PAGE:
- <01:24> Morgan Stanley’s 10 + 10 analysis on why it is totally bullish on India.
- <07:25> The 20% presumptive tax on international credit card is kicking in soon.
- <15:24>And hmm..former Chief Economic Advisor Kaushik Basu raises a small social media storm when he says that India grew below potential at 3.28% between 2020-23.
- <21:49> Mumbai is heating up and power demand hit an all-time high of close to 4,000 MW.
NOTE: This transcript contains only the host's monologue and does not include any interviews or discussions that might be within the podcast. Please refer to the episode audio if you wish to quote the people interviewed. Email [email protected] for any queries.
Good morning, it’s Friday the 2nd of June and I’m Govindraj Ethiraj with The Core Report, coming to you from Mumbai, India’s financial capital and most rocking city in the world.
Now, here are our two quick reports and theme, the 'Hmm' section and 'Conversations of the Day,' where we grapple with more fallouts of the upcoming presumptive tax on travelling Indians and ask, which GDP number is the right one?
Morgan Stanley’s 10 + 10 analysis on why it is totally bullish on India.
The 20% presumptive tax on international credit card is kicking in soon. The head of the country’s top foreign exchange dealership association tells me there is a serious and discriminatory lacuna.
Mumbai is heating up and power demand hit an all-time high of close to 4,000 MW.
And hmm... former Chief Economic Advisor Kaushik Basu raises a small social media storm when he says that India grew below potential at 3.28% between 2020-23. What indeed is he referring to, I ask Ashok K Bhattacharya, Business Standard editorial director, columnist and wizard in simplifying India’s economic data.
Morgan Stanley Goes More Bullish
Investment Bank Morgan Stanley has put out a very bullish report on the Indian economy titled 'How India Has Transformed In A Decade', highlighting mostly the key economic achievements of the current BJP government.
The report is insightful for what it presents and more importantly sums up. None of the 10 changes Morgan Stanley highlights are unknown to a serious particularly portfolio or direct investor but seeing them together provides some context.
Morgan Stanley, somewhat unusually for a large portfolio investor, manages around $1.3 trillion of assets. It complains about the scepticism India receives from overseas investors and points out that these views ignore the significant changes that have taken place in the country, particularly since 2014, being of course the arrival of the BJP and Narendra Modi Government.
In 10 years, Morgan Stanley says, I reckon it means nine, India has gained positions in the world order with significant consequences for the macro and market outlook.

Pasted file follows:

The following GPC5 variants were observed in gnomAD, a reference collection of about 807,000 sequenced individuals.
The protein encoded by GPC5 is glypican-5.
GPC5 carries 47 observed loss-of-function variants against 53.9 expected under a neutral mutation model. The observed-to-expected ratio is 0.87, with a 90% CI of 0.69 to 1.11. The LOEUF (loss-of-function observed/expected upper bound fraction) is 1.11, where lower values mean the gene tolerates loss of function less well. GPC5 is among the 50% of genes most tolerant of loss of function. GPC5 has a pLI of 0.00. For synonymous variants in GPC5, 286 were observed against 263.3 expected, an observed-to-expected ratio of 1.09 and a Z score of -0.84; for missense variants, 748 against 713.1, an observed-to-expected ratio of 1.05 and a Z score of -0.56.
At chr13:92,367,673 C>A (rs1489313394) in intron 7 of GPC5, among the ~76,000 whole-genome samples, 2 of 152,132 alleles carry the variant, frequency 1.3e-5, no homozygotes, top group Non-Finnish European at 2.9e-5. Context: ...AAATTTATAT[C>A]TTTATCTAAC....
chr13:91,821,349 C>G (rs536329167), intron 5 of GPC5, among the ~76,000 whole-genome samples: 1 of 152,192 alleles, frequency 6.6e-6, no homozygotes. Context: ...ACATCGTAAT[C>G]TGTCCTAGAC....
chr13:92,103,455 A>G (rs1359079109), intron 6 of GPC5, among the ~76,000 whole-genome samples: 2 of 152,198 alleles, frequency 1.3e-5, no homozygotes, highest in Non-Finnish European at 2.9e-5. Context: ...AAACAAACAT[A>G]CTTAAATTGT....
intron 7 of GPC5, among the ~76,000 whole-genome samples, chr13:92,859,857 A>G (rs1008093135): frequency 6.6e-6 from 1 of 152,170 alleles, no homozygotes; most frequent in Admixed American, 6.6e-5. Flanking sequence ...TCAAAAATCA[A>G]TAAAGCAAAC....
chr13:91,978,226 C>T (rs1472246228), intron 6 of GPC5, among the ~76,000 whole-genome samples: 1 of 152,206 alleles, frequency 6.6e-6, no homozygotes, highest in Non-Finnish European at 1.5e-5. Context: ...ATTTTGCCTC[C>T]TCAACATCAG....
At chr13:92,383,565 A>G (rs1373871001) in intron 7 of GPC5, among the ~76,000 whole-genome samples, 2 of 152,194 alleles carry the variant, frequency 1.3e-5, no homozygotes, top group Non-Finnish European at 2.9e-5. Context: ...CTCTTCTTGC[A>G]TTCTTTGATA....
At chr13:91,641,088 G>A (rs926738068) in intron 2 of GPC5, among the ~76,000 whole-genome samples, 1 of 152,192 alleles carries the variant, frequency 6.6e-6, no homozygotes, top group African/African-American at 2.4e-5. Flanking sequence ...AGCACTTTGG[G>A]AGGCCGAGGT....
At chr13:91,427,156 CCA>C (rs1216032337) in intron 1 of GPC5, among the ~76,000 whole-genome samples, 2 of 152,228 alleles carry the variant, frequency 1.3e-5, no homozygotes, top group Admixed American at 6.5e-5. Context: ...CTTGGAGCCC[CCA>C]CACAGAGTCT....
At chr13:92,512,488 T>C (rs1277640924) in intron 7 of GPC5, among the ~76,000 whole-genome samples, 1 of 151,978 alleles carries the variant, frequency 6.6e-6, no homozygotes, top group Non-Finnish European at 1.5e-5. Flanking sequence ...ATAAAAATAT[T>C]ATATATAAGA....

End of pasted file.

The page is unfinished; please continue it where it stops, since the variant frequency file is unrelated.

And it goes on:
Let me run through the headlines of what the changes are and the outcome of these changes all summarised nicely by Morgan Stanley of course.
Before I come to the changes, I was looking to see if there were any risks the banker could see. After some searching I found them. The key risks are:
A global recession, a fragmented general election outcome in 2024, a sharp rise in commodity prices due to supply outages and shortages in skilled labour supply.
Put differently, the word risk appears once in the 34-page report and that was here.
The tone, overtone and undertone are of course bullish. So let's move on.
The 10 are:
1. Supply-side Policy Reforms
2. Formalisation of the Economy (Reference to GST)
3. Real Estate (Regulation and Development) Act (Actually an important one somehow not much referred to)
4. Digitalizing Social Transfers
5. Insolvency and BankruptcyCode
6. Flexible InflationTargeting
7. Focus on FDI (though falling now)
8. India's 401(k) Moment (mutual fund investments, quite true)
9. Government Support for Corporate Profits (yes, its down)
10. MNC Sentiment at Multiyear High
The 10 Implications
Manufacturing and capex as % of GDP to increase steadily: MS says it expects a new cycle in manufacturing and capex, as we estimate the share of both to rise in GDP by approximately 5ppt by 2031.
Export market share to double: We estimate that India's export market share will rise to 4.5% by 2031, nearly 2x from 2021 levels, with broad-based gains across goods and services exports.
This is in 10 years and while perhaps technically possible is pretty stiff.
A major shift in the consumption basket: As India's per capita income increases from US$2,200 currently to about US$5,200 by F2032, this will have major implications for change in the consumption basket, with an impetus to discretionary consumption.
Lower volatility in inflation and shallower interest rate cycles: We expect inflation to remain benign and less volatile, which would imply shallower rate cycles.
Shallower rate cycles could also imply more benign equity market cycles.